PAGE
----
This technique was very popular during the Victorian era. You’ll find many pendants and watch covers with this glossy designed look. Faberge has also popularized this type of enamel, as seen on their many eggs!

Types of GUILLOCHÉ ENAMEL Jewelry

  • Watch covers
  • Pendants
  • Brooches

An 18K gold case with translucent enamel over guilloché surface (revealing engraved patterns). A finely engraved gold ground covered with brown translucent enamel and set with a half-pearl. Image courtesy of Wiki Commons

Buying GUILLOCHÉ ENAMEL Jewelry

  • If it is crafted from precious metal, the jewelry should be marked with the metal content.
  • Check over your item for any missing, cracked or damaged parts of enamel work.

BASSE-TAILLE

What is Basse-taille Enamel?

From the French term for “low-cut". A metal surface is decorated with a low-relief design that can be seen through translucent and transparent enamels. Basse-Taille is similar to the champlevé method in that the surface is cut away and filled with enamel, however, it is a much more sophisticated technique.

The design or figural composition is chiseled or engraved in low relief, making the enamel lie in varying thicknesses over the modeled surface. Because the enamels used in this technique are translucent, the composition of the low relief shows through, and since the metals used are normally gold or silver, the light is reflected back through the translucent enameling, creating a stunning tonal quality.   

Basse-Taille became most popular in the middle of the 20th century when Scandinavian silversmiths used the technique in many of their designs. One noted designer of this period, David Andersen produced leaf and butterfly basse-taille jewelry that is very collectible in modern times. 

Types of BASSE-TAILLE Jewelry

  • Charms
  • Pendants
  • Brooches
Basse-Taille enamel

"Basse-taille" and champlevé enamel Via Wiki Commons

Buying BASSE-TAILLE ENAMEL

  • If it is crafted from precious metal, the jewelry should be marked with the metal content.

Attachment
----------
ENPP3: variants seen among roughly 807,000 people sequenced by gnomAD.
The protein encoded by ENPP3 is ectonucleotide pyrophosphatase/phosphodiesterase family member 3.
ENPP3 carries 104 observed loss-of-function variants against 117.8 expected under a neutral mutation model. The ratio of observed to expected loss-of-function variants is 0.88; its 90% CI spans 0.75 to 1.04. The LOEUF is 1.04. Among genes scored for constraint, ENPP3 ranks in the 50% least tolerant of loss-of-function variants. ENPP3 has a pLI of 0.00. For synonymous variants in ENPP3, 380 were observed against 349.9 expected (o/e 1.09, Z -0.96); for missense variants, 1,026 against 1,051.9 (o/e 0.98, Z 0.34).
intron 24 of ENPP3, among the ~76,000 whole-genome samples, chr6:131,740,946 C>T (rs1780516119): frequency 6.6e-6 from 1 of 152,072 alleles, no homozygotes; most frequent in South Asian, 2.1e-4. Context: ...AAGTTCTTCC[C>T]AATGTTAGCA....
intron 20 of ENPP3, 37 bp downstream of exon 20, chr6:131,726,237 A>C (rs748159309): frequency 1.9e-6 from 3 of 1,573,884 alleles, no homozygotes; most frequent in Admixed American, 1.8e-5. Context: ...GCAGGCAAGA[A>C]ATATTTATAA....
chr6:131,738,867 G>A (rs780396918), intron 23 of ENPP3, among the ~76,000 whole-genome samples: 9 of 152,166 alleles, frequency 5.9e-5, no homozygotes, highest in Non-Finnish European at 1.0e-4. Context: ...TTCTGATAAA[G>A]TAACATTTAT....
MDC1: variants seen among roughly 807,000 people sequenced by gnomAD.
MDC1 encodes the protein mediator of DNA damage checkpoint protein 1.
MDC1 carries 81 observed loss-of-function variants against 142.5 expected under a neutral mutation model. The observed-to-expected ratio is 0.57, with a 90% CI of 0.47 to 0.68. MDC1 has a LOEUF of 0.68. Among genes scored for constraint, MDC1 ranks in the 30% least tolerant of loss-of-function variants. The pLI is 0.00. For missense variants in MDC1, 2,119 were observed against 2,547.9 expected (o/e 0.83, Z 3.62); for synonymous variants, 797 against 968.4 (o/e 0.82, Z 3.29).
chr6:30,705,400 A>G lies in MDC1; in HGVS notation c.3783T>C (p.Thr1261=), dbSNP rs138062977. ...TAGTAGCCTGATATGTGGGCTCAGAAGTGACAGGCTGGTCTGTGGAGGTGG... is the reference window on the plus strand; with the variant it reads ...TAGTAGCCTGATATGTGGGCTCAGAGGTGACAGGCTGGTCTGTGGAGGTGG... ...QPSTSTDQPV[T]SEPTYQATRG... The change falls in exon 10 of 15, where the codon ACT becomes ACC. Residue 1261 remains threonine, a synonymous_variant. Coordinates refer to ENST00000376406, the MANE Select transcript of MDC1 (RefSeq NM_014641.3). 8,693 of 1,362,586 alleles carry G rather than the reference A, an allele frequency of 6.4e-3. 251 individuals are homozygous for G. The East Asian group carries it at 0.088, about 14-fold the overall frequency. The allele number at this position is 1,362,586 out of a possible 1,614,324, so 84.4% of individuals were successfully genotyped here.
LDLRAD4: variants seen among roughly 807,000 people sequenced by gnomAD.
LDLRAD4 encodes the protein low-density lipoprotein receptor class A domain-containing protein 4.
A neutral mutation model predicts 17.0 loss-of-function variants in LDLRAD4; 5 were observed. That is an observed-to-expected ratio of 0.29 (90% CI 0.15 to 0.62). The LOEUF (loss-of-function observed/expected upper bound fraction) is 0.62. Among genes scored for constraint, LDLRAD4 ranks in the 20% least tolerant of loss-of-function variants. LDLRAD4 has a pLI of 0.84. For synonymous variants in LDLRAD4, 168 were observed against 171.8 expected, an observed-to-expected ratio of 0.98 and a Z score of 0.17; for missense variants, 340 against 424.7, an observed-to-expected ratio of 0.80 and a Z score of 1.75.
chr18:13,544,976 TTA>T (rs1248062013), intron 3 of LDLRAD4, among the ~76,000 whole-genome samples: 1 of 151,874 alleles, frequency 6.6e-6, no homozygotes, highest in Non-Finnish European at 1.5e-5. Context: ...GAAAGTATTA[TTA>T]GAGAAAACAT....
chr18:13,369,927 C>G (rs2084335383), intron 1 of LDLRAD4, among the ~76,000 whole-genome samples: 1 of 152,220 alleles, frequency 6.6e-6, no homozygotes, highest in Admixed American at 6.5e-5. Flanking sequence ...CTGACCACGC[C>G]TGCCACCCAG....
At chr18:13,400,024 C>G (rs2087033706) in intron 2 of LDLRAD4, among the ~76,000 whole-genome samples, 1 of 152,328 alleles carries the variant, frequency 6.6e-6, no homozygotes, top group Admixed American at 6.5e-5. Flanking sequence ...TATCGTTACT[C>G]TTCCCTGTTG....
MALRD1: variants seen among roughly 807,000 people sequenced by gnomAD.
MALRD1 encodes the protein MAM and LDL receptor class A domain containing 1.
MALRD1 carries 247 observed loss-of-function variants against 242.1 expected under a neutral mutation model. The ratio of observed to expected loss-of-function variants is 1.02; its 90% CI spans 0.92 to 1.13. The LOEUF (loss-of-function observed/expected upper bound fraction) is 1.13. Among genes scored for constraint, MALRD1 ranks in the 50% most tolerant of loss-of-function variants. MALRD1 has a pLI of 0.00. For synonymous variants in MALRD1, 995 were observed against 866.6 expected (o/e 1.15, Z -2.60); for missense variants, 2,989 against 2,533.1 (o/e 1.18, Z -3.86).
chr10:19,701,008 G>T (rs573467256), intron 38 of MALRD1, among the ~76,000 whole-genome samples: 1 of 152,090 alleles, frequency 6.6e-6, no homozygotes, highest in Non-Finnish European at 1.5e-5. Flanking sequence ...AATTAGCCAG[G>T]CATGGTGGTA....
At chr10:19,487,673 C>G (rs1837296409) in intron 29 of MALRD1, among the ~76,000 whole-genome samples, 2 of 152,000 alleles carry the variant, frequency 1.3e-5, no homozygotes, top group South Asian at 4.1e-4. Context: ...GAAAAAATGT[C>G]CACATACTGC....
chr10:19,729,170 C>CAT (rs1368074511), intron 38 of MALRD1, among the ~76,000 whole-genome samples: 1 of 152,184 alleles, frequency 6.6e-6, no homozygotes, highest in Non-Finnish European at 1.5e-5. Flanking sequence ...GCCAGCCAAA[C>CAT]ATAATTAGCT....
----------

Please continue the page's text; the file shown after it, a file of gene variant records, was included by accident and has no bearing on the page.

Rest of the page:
• Check over your item for any missing, cracked or damaged parts of enamel work.

PAINTED ENAMEL (PEINTURE SUR ÉMAIL)

What is Painted enamel?

Peinture sur email (painted enamel) was developed at the end of the 15th century in Limoges, France. The technique involves covering a slightly convex metal plate with a fondant of uniform color that is then fired to make a vitreous base for drawing. Over this base, the artist starts applying color after color in thin layers with a brush. 

One technique, known as grisaille, utilizes pulverized white vitreous enamel made into a paste by mixing it with water, turpentine, and oil. This mixture is then applied to a dark enamel ground. Lighter areas of the design are thickly painted, while grey areas are created by painting thinner coats. This technique creates a dramatic effect of light and shade. Grisaille enamels were developed in the 16th century in France by the Limoges school of enamelers.

Types of PAINTED ENAMEL Jewelry

  • Brooches
  • Pendants
  • Earrings
  • Bracelets

Buying Painted Enamel Jewelry

  • Fired and heated enamel will last longer than enamel that was worked cold.
  • Look for makers marks and metal purity marks.
  • Make sure there are no cracks or chips in the enamel. 

SGRAFITTO

What is Sgrafitto Enamel?

Sgraffito is a technique that uses an unfired layer of enamel applied over previously fired layer in contrasting color. This is then is partially removed with tool to create design.

Types of SGRAFITTO ENAMEL Jewelry

  • Earrings
  • Pins
  • Pendants

Buying Sgraffito Enamel Jewelry

  • If it is crafted from precious metal, the jewelry should be marked with the metal content.
  • Check over your item for any missing, cracked or damaged parts of enamel work.

TAILLE D'EPARGNE

What is TAILLE D'EPARGNE?

Shallow grooves are hollowed out of the metal and filled often with black enamel. Frequently used in the Victorian era particularly in America, it is similar to champlevé enamel but shallower and often smaller cavities. 

Types of TAILLE D'EPARGNE Jewelry

  • Rings
  • Bracelets
  • Watch Cases
  • Mourning Jewelry

Buying TAILLE D'EPARGNE JEWELRY

  • Look for metal purity marks.
  • Make sure there are no missing spots of enamel.

Where to Purchase Enamel Vintage Jewelry

Enamel jewelry can be fragile, especially older vintage items. You’ll want to be sure that any item you purchase has all of the enamel still present. It is challenging to re-enamel these pieces, as matching the color can be difficult. For this reason, you’ll want to take extra care with your enamel jewels. Wrap them in soft fabric and store each piece separately as you don’t want these enamel pieces to be knocked around.

As with other vintage jewelry, you can purchase these enamel pieces from antique shops and sales or online.

The Etsy shop Boylerpf has a beautiful selection of vintage enamel jewelry. Or click the button below to see our other favorite Etsy shops. 

Conclusion

Enamel is a great way to provide beautiful detailing and coloring to jewelry. From the Ancient times through Victorian and Art Nouveau, craftsman have utilized this technique in order to delightfully embellish jewelry!  

Remember to share this article with your vintage-loving friends! And leave any questions you may have in the comments below!

Happy Shopping!
Andrea

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Andrea